While researching Anton LaVey and his Church of Satan, I found myself in agreement with many of his so-called satanic positions. I consider myself to be fairly individualistic and out of the mainstream. I am also no fan of organized religion. I find myself to be “old-school” on a lot of things. I’m also somewhat of an introvert and I do prefer animals and things to people19 So, does all this make me a Satanist of the LaVeyan variety? Probably not, since I don’t harbor any hatred towards God. Yes, I believe Christians can legitimately question God’s motives and sometimes feel anger and disappointment towards God, but not the vehement hatred that LaVey expressed.
I’m sure many would argue that I’m hypocritical because I haven’t passed judgment on MM as other more “spiritual” Christians might have done given Manson’s membership in LaVey’s pseudo-church. Remember Jesus’ teaching on not trying to remove a splinter in someone else’s eye when you yourself have a log in your own eye. (Matt. 7:2-5) Oh yea…they also say the Bible is humorless.
M. Manson believes the Bible is outdated; a book written for a “culture long since defunct.”20 Is that really true? Can anyone argue that any society at any time in history wouldn’t have benefited from the stability provided by the Ten Commandments. Without them, chaos and lawlessness would prevail.
MM also claims to be the Antichrist.21 I would disagree since the Bible teaches there are many antichrists (1 John 2:18). In addition, the spirit of the antichrist was already in the world when the Apostle John wrote his gospel. (1 John 4:3) Was he (John) describing Marilyn Manson? I think not since MM can’t lay blame on a God whom he doesn’t believe exists and he certainly isn’t trying to deceive anyone either since his song lyrics speak for themselves.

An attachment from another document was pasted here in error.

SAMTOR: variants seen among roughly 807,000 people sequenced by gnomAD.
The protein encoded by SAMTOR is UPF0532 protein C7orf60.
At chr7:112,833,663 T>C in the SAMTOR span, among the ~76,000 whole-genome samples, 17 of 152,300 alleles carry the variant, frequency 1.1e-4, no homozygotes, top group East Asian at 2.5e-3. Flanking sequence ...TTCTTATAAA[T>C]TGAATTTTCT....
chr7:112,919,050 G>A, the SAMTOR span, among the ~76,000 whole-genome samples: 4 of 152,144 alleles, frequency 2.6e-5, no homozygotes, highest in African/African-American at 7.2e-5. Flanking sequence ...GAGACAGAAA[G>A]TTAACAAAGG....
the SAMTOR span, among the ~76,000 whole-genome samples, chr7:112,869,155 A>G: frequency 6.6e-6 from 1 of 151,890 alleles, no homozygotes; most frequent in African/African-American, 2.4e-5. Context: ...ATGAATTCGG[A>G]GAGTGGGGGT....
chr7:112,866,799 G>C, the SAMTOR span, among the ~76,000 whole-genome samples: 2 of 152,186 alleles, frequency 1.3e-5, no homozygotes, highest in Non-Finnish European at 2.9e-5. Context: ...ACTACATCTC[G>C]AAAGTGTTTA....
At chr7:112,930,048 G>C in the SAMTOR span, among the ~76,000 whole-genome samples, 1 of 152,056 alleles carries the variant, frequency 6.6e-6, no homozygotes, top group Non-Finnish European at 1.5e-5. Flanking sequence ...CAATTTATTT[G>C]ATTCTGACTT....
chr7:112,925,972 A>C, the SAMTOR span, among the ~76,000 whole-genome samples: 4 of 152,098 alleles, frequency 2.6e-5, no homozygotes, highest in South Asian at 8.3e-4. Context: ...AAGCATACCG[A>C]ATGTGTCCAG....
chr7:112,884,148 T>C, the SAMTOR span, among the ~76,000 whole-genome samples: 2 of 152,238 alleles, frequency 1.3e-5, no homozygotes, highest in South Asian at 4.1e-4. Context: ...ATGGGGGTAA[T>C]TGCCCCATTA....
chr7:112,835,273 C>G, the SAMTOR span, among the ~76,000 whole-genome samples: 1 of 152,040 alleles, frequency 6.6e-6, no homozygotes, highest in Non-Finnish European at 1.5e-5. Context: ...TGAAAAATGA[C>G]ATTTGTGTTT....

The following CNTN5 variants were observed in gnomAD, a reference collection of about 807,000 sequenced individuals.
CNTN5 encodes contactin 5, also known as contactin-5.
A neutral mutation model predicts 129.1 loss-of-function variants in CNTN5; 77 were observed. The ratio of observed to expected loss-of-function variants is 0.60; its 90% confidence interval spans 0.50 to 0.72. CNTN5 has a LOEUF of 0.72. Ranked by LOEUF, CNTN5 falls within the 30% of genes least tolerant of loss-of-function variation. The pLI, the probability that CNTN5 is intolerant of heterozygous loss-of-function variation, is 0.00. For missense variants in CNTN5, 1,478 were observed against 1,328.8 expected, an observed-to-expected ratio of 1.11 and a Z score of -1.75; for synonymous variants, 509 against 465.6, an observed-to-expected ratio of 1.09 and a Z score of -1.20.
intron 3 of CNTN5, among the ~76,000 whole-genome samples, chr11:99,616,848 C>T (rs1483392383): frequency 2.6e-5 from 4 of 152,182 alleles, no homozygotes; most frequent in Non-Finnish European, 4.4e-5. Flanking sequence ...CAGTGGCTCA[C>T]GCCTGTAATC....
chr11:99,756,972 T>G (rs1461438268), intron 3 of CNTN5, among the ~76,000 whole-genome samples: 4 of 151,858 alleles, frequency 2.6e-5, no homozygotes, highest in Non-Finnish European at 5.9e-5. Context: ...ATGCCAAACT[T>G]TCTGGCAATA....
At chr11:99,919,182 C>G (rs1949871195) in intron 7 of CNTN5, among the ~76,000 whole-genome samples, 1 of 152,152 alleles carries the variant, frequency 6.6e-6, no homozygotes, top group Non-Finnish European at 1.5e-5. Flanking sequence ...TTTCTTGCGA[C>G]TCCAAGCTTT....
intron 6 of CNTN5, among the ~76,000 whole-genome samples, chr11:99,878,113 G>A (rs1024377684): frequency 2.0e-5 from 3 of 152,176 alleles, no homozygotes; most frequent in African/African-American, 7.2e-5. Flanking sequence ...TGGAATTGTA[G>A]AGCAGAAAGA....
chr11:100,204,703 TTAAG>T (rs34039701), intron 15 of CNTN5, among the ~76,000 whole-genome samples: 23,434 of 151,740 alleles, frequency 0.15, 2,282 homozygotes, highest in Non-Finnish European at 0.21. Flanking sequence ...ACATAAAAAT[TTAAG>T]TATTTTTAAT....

In the Acknowledgements section of his Long Hard Road book, Marilyn Manson includes the dedication, “to the memory of Anton Szander [sic] LaVey”
When I visited the Marilyn Manson website, I watched the “God’s Gonna Cut You Down” music video and really liked it. I did some research and learned that Johnny Cash also recorded the song for his American V album. I like Cash’s rendition also, but Manson’s version is more urgent with the usual sonic overload placed in just the right spots that Manson is noted for. And you don’t even have to play it backwards to hear all the lyrics. I liked the song so much that I ordered the limited-edition vinyl picture disc from a link on Manson’s website.
Copyright 2020 Gerard Sczepura
“SATAN TAKING MR. ED ALONG FOR THE RIDE?” Justin Mitchell, Chicago Tribune, May 8, 1986, https://www.chicagotribune.com/news/ct-xpm-1986-05-08-8602020267-story.html. ↩
“6.66 Hot Points Of The ’80s Heavy Metal Satanic Panic,” Mike McPadden, VH1 News, February 11, 2015, http://www.vh1.com/news/54726/remembering-the-80s-heavy-metal-satanic-panic/. ↩
Marilyn Manson with Neil Strauss, The Long Hard Road Out of Hell, (Dey Street, New York, 1999), 15-16. ↩
Ibid., 20. ↩
Ibid., 19. ↩
Ibid., 18-19. ↩
Ibid., 22. ↩
Ibid., 170. ↩
Ibid., 168. ↩
Gerard Sczepura, “GOD & the Gods: LaVeyan Satanism,” Theological Ruminations (blog), February 17, 2019, https://gerardsczepura.com/god-the-gods-laveyan-satanism/. ↩
Manson, Long Hard Road, 126. ↩
Barton, Blanche. The Secret Life of a Satanist: The Authorized Biography of Anton Szandor LaVey (p. 130). Feral House. Kindle Edition. ↩
Sczepura, “LaVeyan Satanism.” ↩
Barton, The Secret Life of a Satanist, 121. ↩
Manson, Long Hard Road, 176. ↩
Ibid., 213. ↩